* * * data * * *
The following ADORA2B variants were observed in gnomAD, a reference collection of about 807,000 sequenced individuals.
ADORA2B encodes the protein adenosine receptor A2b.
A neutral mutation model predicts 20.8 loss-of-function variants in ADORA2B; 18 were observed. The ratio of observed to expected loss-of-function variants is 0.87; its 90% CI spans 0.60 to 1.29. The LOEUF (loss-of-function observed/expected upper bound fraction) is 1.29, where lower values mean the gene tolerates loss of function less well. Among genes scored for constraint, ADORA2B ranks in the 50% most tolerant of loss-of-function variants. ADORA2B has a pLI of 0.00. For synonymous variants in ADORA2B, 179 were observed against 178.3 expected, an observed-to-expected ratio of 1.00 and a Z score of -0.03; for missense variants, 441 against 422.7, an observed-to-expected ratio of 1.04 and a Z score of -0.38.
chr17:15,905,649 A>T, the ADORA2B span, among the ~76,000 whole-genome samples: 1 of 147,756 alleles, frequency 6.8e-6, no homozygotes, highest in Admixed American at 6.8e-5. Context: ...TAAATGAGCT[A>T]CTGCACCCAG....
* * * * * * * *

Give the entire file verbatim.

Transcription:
The following ADORA2B variants were observed in gnomAD, a reference collection of about 807,000 sequenced individuals.
ADORA2B encodes the protein adenosine receptor A2b.
A neutral mutation model predicts 20.8 loss-of-function variants in ADORA2B; 18 were observed. The ratio of observed to expected loss-of-function variants is 0.87; its 90% CI spans 0.60 to 1.29. The LOEUF (loss-of-function observed/expected upper bound fraction) is 1.29, where lower values mean the gene tolerates loss of function less well. Among genes scored for constraint, ADORA2B ranks in the 50% most tolerant of loss-of-function variants. ADORA2B has a pLI of 0.00. For synonymous variants in ADORA2B, 179 were observed against 178.3 expected, an observed-to-expected ratio of 1.00 and a Z score of -0.03; for missense variants, 441 against 422.7, an observed-to-expected ratio of 1.04 and a Z score of -0.38.
chr17:15,905,649 A>T, the ADORA2B span, among the ~76,000 whole-genome samples: 1 of 147,756 alleles, frequency 6.8e-6, no homozygotes, highest in Admixed American at 6.8e-5. Context: ...TAAATGAGCT[A>T]CTGCACCCAG....